Resolution: Ethical overseas recruitment
Submitted by the RCN Outer North West London Branch
05 Jun 2022 09:00 - 09 Jun 18:00
Scottish Event Campus,
This resolution passed.
Members can view a recording of the debate here.
International recruitment should be conducted ethically, in line with the principles set out in the UK (Department of Health and Social Care, 2021; Scottish Government, 2021) and Global Codes of Practice (World Health Organization, 2021). It must be transparent, dignified and ensure that employment of nursing staff in the UK is free from exploitation. International nursing staff face a range of issues throughout the recruitment process that both employers and governments must work to address.
At present, there are 131,640 international nurses on the NMC register, and international recruitment continues to be pivotal to the UK Government’s plans to fill workforce gaps (Department of Health and Social Care, 2022). NHS England’s delivery plan for tackling the COVID-19 backlog included a target to recruit more than 10,000 international nurses in the last financial year alone (NHS England, 2022).
An International Council of Nurses (ICN) report raised concerns that international recruitment by some high-income countries during the pandemic could undermine the ability of some source countries to respond effectively to the pandemic (ICN, 2022). The RCN is concerned by the number of nurses joining the NMC register from countries identified as having severe health workforce shortages where active recruitment is not permitted’ (World Health Organization, 2020). The UK should work to introduce bilateral agreements, with the involvement of national nursing associations, to ensure recruitment is mutually beneficial for these countries.
The RCN has heard from a number of internationally recruited members who are tied into contracts through early-exit fees, and in some cases intimidated by their employers into repaying them through threats of deportation. These fees (reported to be as high as £14,000), may pressure workers to remain within contracts.
RCN members also report difficulties in bringing family members to the UK through sole responsibility and adult dependent relative routes, due to the amount of evidence that is required by the Home Office. The RCN is concerned that workers are misled by recruiting agencies that the immigration system is easier to navigate than it is, which reduces the ability to make informed choices.
Internationally trained nursing staff must have the same access to continuing professional development as their domestically trained colleagues. They should be supported to work to the full extent of their capabilities and enhance their knowledge and skills during their employment in the UK. This ultimately leads to retention, a sense of belonging, and professional fulfilling of one’s true potential.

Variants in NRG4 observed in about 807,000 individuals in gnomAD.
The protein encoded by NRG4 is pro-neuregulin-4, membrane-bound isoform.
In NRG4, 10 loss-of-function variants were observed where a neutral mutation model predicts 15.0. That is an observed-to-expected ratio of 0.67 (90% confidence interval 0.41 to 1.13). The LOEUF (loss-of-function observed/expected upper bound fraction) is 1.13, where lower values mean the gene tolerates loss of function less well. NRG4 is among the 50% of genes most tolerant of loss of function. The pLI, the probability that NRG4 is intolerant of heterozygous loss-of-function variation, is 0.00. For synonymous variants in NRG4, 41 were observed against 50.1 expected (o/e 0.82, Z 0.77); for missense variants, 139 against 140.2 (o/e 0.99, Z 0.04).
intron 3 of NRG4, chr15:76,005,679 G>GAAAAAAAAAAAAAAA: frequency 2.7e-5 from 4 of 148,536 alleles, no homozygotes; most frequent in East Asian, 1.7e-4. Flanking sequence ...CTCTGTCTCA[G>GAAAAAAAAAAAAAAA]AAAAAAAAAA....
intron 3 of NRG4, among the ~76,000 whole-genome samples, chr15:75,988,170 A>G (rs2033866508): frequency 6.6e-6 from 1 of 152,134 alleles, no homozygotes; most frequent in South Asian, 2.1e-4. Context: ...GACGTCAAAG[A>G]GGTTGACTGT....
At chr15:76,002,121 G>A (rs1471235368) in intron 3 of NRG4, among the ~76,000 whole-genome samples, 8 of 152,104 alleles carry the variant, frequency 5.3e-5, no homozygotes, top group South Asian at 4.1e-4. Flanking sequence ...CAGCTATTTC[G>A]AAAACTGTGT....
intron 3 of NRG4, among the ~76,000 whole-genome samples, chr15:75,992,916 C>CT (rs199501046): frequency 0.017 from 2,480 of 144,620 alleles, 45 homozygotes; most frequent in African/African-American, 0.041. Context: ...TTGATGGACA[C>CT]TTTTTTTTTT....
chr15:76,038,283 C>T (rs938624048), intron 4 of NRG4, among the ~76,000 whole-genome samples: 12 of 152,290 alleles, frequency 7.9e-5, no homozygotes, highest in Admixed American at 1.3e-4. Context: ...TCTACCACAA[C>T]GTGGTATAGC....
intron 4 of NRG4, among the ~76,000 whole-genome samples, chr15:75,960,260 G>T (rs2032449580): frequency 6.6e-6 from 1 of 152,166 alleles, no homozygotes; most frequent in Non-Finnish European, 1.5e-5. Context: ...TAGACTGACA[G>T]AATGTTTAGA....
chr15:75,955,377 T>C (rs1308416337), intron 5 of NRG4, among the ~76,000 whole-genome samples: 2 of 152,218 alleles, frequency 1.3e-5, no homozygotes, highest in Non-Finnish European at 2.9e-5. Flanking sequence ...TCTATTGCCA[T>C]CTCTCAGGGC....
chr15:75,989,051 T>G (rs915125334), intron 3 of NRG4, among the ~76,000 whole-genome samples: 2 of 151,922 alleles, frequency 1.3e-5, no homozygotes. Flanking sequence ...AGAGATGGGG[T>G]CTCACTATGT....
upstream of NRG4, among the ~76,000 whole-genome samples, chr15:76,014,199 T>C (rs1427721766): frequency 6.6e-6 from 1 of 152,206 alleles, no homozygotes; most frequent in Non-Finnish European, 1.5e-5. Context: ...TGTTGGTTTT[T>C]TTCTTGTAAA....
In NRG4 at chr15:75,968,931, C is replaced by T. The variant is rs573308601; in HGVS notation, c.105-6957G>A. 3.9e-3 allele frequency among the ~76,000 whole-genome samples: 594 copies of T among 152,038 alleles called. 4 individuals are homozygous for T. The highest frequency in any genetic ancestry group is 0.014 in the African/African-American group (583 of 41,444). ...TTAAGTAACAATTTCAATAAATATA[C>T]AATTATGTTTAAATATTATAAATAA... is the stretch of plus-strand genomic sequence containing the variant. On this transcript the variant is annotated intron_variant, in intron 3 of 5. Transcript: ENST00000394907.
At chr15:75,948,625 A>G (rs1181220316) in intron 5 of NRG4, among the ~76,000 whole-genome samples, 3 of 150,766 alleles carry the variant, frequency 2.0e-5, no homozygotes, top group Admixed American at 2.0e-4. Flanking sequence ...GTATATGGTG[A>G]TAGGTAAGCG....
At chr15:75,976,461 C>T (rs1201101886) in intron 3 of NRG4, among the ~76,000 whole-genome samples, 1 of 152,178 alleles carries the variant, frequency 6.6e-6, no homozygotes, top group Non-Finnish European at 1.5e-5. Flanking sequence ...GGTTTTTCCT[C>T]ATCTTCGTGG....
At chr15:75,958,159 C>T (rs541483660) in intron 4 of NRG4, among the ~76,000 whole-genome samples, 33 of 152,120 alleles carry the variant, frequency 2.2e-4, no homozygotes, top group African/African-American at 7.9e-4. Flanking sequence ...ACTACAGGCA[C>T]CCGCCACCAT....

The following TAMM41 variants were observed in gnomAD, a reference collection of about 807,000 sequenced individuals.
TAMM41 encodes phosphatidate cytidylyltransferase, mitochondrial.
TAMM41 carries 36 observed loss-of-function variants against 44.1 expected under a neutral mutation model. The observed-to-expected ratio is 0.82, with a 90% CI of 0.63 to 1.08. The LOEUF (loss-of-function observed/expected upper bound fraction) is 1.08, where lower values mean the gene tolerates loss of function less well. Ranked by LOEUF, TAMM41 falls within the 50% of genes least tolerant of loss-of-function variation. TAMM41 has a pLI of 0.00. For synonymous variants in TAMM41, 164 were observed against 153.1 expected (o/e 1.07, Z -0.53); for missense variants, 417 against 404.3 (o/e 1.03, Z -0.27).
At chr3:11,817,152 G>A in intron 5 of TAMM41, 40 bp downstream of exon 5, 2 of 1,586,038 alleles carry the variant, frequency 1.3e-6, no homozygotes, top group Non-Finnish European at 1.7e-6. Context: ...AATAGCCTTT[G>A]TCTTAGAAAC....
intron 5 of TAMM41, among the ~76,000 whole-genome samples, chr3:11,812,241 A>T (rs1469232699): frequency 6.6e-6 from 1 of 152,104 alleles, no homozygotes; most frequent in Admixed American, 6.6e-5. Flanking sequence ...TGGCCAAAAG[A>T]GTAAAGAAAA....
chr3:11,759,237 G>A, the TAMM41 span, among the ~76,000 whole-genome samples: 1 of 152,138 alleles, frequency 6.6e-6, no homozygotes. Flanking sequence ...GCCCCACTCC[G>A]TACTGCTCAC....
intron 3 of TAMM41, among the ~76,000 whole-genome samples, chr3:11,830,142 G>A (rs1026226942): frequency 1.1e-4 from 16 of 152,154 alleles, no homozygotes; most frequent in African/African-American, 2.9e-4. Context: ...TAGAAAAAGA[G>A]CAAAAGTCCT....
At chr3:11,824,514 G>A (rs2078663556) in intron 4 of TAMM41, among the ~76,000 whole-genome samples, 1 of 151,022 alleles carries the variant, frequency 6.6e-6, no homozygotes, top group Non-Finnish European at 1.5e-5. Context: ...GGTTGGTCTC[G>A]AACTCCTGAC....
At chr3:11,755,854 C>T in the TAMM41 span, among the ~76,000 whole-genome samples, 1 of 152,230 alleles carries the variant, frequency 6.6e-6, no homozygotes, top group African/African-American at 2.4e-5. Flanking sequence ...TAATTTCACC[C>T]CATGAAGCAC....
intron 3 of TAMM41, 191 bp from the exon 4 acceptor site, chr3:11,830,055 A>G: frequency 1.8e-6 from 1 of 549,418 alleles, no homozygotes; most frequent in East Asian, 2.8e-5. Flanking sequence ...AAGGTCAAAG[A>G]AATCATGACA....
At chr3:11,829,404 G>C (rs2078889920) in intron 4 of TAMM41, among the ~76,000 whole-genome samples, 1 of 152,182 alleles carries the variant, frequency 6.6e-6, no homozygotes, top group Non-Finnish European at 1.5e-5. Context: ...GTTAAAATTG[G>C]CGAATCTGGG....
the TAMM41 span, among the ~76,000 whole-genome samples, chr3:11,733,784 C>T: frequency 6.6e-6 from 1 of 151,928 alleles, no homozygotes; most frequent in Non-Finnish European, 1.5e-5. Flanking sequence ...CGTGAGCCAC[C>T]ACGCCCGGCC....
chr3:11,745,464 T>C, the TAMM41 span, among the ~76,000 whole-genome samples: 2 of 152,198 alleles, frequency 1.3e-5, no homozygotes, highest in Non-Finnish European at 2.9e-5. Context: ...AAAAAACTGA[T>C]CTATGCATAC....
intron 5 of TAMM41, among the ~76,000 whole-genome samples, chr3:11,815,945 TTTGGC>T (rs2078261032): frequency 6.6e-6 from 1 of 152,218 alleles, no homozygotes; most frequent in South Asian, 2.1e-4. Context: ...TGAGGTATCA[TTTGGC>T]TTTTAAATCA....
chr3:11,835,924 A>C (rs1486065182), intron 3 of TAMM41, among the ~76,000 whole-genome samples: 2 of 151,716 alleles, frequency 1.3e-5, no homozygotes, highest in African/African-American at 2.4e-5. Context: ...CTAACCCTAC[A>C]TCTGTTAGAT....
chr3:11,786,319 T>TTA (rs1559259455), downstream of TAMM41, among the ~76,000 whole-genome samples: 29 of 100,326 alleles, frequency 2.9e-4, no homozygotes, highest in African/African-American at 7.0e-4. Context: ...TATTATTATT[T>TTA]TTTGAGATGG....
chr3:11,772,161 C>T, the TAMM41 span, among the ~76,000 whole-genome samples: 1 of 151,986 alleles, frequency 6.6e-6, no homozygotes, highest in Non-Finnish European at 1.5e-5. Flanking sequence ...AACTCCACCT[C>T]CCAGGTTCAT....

Reading lists for each agenda item can be found here.
Department of Health and Social Care (2021) Code of practice for the international recruitment of health and social care personnel in England. Available at: https://www.gov.uk/government/publications/code-of-practice-for-the-international-recruitment-of-health-and-social-care-personnel/code-of-practice-for-the-international-recruitment-of-health-and-social-care-personnel-in-england (Accessed 21 April 2022).
Department of Health and Social Care (2022) 50,000 nurses programme: delivery update. Available at: https://www.gov.uk/government/publications/50000-nurses-programme-delivery-update/50000-nurses-programme-delivery-update#retention (Accessed 21 April 2022).
International Council of Nurses (2022) Sustain and retain in 2022 and beyond: The global nursing workforce and the COVID-19 pandemic. Available at: https://www.icn.ch/system/files/2022-01/Sustain%20and%20Retain%20in%202022%20and%20Beyond-%20The%20global%20nursing%20workforce%20and%20the%20COVID-19%20pandemic.pdf (Accessed 21 April 2022).
NHS England (2022) Delivery plan for tackling the COVID-19 backlog of elective care. Available at: https://www.england.nhs.uk/coronavirus/publication/delivery-plan-for-tackling-the-covid-19-backlog-of-elective-care/ (Accessed 21 April 2022).
Scottish Government (2021) Scottish code of practice for the international recruitment of health and social care personnel. Available at: https://www.gov.scot/binaries/content/documents/govscot/publications/advice-and-guidance/2021/02/code-practice-international-recruitment-health-social-care-personnel/documents/scottish-code-practice-international-recruitment-health-social-care-personnel/scottish-code-practice-international-recruitment-health-social-care-personnel/govscot%3Adocument/scottish-code-practice-international-recruitment-health-social-care-personnel.pdf (Accessed 21 April 2022).
World Health Organisation (2020) Health workforce support and safeguards list, 2020. Available at: https://cdn.who.int/media/docs/default-source/health-workforce/hwf-support-and-safeguards-list8jan.pdf?sfvrsn=1a16bc6f_5 (Accessed 21 April 2022).
World Health Organisation (2021) WHO global code of practice on the international recruitment of health personnel: national reporting instrument 2021. Available at: https://www.who.int/publications/m/item/nri-2021 (Accessed 21 April 2022).
Scottish Event Campus
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